"With the new additions, the electoral College of Cardinals will be restored to 121 members – one over the now-traditional limit of 120 set by Blessed Paul VI in 1975. Of the total group, 49 (40%) will have been elevated by Pope Francis."
Another Scarlet Jolt! Five More Red Hats
by Rocco Palmo
For all the tools every Pope has at his disposal, it could be said that Francis wields none more effectively than the element of surprise.
Ergo, at the May 21 noontime Regina Caeli from the Window of the Apostolic Palace, Papa Bergoglio called a Consistory – his fourth – on the vigil of Peter and Paul, June 28, for the creation of five new Cardinals, all of them electors:
- •Archbishop Jean Zerbo of Bamako, Mali (age 73)
- •Archbishop Juan José Omella of Barcelona, Spain (71)
- •Bishop Anders Arborelius OCD of Stockholm, Sweden (67)
- •Bishop Louis-Marie Ling Mangkhanekhoun, vicar-apostolic of Paksé, Laos (73)
- •Bishop Gregorio Rosa Chavez, auxiliary of San Salvador, El Salvador (74)
With the new additions, the electoral College will be restored to 121 members – one over the now-traditional limit of 120 set by Blessed Paul VI in 1975. Of the total group, 49 (40%) will have been elevated by Francis.
Even for their nomination today, Cardinals-designate don’t enjoy their voting rights until their names are published within the Consistory itself.
Following quickly on the heels of November’s intake of 17 new Cardinals, while some buzz has circulated over recent weeks tipping a late June encore, the rumors had foreseen what would’ve been a historic super-sizing of the voting ranks – an idea which has circulated for some time, possibly ballooning the papal electorate as high as 145 or even 150 members.
Even on just a temporary basis, there is precedent for such a move: at his first Consistory after the Jubilee Year of 2000, now-St. John Paul II had expanded the voting College to 135 cardinals by elevating 44 prelates younger than 80 – Jorge Bergoglio among them. (Speaking of John Paul, it also bears noting that each of today’s designates were named bishops by the Polish Pope.)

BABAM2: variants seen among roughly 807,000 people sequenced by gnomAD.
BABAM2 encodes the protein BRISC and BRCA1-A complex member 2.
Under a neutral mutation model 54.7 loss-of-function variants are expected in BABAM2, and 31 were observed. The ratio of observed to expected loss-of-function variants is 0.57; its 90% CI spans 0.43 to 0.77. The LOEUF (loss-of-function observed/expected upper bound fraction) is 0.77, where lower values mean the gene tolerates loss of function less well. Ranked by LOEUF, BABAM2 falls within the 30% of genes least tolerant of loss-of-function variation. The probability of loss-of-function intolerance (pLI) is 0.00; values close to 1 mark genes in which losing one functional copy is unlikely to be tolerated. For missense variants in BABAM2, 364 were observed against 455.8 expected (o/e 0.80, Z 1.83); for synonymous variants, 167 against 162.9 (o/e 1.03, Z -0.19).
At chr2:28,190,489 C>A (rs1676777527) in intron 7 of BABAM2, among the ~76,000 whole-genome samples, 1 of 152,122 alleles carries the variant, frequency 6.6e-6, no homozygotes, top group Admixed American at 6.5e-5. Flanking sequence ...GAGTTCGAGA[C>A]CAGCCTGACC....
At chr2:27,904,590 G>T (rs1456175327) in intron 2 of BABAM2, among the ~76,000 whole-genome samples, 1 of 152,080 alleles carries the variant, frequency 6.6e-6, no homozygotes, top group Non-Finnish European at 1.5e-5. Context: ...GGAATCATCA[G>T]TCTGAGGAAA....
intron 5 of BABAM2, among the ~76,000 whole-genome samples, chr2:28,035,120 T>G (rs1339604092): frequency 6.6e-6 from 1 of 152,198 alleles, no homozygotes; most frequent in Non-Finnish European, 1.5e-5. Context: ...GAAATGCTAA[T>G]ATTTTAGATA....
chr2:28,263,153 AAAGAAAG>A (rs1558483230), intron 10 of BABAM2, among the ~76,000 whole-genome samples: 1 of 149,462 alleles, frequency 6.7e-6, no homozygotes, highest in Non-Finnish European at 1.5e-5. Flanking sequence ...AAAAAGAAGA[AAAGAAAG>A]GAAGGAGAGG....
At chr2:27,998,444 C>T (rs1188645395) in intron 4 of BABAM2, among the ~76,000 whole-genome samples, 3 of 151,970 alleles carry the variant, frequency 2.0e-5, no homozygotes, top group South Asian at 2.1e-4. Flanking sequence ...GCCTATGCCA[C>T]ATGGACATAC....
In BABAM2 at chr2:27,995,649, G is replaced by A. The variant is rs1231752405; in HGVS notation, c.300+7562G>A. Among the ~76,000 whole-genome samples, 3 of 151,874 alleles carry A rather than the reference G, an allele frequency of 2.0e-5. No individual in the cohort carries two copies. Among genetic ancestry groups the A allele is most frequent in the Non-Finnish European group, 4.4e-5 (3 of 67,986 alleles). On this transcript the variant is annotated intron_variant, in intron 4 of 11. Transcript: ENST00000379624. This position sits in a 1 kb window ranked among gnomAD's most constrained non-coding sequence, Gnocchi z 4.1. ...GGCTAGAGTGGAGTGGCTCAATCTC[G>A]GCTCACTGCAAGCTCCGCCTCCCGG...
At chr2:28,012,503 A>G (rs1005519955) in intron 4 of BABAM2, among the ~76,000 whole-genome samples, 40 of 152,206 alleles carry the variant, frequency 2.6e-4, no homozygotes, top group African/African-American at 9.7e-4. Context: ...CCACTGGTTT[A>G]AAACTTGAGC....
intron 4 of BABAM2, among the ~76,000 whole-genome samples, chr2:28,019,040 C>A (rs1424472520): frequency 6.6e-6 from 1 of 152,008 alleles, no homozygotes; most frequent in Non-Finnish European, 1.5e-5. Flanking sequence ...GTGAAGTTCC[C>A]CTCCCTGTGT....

In any case, even if the final Biglietto is far smaller than would’ve been expected, the group strikes a fresh blow for the inclusion of the Church’s "peripheries" in the ranks of the Pope’s "Senate" – with the exception of Omella, each of the designates are the first Cardinals ever to hail from their respective countries; aside from the Spanish-speaking picks, the new crop all lead miniscule Catholic communities comprising less than five percent of their general populations.
The first native Swede named a bishop since the Reformation (after centuries of missionaries serving the country’s small Catholic community), Arborelius will be the first-ever Cardinal on duty in Scandinavia.
And in the choice of Rosa Chavez – one of the closest collaborators of Blessed Oscar Romero – at least for the first time in the post-Conciliar period, not only has an auxiliary bishop been given the red hat, but likewise a cleric currently serving as pastor of a parish (which is, of course, the historic foundation of the office, the original Cardinals having been the pastors of Rome, hence the task of electing the city’s Bishop).
As for the timing, beyond the topping up of the voting ranks, it is likely that this Consistory will see Francis convene the now-routine day-long consultation with the entire College on the eve of the elevations, which was conspicuous by its absence in November. Despite the short notice, a hefty chunk of the far-flung Cardinals already tend to be in Rome in late June as the dicasteries of the Curia wrap up their last plenary meetings before the summer exodus.